If you're like most serious readers, your old books overflow your bookcases and spill into -- perhaps overwhelm -- various sections of your living space. If you want to cut the clutter, selling some old books will free up horizontal surfaces and could put serious cash in your pocket. Determining which ones have value requires inspecting their condition and then checking their printing dates.
For most books, condition is paramount. In booksellers' parlance, condition rating runs the gamut from "as new" to "poor." Ideally, a book should appear as it did when first issued. Hardcover books should have the original dust jacket. All books should have intact spines, ensuring the book holds together. It should have no tears or rips, and certainly no missing pages. Highlighting or pencil marks on the pages diminish value.
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First Edition Test: Newer Books
First editions are generally the most valuable books. Books published between 1970 and 2007 contain a 13-digit number a left-facing page near the title page, which also contains copyright information. This International Standard Book Number, or ISBN, is divided by hyphens into four parts. The third section identifies the edition. The ISBN has five sections in books printed after 2007, with the identifier in the fourth section. A first edition is noted as such above those numbers.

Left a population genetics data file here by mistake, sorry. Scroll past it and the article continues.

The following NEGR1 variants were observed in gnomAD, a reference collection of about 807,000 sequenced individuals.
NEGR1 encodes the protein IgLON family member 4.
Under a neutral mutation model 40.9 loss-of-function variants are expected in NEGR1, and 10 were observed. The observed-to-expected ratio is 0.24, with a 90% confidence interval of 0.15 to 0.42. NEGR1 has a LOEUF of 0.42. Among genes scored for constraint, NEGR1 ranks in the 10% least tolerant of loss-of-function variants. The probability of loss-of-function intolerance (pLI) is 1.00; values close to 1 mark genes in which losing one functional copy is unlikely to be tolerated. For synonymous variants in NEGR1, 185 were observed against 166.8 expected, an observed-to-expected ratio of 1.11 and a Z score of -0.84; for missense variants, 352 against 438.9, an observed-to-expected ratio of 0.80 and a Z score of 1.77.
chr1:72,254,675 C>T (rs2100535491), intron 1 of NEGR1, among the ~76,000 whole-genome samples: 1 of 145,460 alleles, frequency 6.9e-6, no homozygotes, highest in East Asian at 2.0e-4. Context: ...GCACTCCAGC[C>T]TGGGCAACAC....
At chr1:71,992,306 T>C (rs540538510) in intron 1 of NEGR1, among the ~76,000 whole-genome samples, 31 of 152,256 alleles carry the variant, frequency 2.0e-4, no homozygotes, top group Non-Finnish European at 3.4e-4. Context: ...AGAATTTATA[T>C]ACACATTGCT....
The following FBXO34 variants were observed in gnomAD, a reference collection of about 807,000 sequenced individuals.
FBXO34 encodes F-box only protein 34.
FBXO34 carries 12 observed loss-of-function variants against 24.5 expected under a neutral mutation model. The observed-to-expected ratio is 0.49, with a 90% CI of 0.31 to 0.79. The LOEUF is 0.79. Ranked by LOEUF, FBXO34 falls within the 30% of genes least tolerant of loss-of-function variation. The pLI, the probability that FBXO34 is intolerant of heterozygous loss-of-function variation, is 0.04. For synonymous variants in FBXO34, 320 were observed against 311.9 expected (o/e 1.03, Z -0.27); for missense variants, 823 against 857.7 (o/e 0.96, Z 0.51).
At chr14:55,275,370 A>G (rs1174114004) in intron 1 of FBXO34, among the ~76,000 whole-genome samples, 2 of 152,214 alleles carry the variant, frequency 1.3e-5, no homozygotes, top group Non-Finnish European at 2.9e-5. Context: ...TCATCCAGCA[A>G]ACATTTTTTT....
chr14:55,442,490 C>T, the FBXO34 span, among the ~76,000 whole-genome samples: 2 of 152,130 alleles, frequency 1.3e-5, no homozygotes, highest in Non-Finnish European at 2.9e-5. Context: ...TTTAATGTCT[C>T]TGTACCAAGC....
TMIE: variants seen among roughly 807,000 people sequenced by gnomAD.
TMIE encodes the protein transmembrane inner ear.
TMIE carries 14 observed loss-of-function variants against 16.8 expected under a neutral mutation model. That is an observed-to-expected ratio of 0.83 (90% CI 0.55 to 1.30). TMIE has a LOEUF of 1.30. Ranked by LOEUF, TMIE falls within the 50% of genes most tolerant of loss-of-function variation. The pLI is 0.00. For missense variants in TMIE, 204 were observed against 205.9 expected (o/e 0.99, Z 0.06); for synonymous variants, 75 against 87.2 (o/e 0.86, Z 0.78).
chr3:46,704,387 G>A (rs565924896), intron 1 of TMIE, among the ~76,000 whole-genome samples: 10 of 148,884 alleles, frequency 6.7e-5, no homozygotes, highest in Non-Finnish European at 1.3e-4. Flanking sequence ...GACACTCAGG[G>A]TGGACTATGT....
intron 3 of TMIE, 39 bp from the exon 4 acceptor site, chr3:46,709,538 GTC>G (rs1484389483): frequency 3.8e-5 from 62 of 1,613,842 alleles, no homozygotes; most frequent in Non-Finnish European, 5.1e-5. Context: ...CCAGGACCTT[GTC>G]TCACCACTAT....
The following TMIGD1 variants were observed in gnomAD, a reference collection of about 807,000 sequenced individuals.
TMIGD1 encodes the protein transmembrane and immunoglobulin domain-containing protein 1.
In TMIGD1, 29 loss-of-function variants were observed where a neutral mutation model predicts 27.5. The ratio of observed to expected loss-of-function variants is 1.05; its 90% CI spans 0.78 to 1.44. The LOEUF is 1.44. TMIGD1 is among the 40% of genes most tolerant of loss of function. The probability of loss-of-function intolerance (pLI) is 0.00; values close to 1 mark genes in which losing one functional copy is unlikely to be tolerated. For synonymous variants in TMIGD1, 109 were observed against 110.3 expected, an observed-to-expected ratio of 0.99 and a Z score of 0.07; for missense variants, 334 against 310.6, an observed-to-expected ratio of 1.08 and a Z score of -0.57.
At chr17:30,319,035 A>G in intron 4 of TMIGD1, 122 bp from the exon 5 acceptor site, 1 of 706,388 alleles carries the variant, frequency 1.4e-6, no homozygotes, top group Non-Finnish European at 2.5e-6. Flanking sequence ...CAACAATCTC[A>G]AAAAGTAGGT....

First Edition Test: Older Books
The test is a little harder if you're holding a book published before 1970. These also contain numbers on the copyright page, but the sequence and meaning varies according to the publisher. However, if your book contains the same dates on the copyright and title pages, it's likely a first edition.
Rare and Collectible Books
Like any item, a book is worth what someone is willing to pay for it. Scarcity and a book's importance determine value. Certain books, even very old ones, are not particularly rare. These include most Bibles, encyclopedias, textbooks printed after 1850, collected editions and reprints. Certain genres are valued by collectors, such as cookbooks and children's literature. Value also goes up if your book is signed by its well-known author, or you can prove it was once owned by a noteworthy person.
The Library of Congress website recommends visiting the Antiquarian Booksellers' Association of America online for sale information, as well as the ABAA listings of dealers and appraisers. As the AABA website explains, booksellers price used books based on a secondhand or rare book market in a constant state of flux. "Prices reflect an ever-changing book market, of which the Internet bookmarket is only a part," according to the AABA.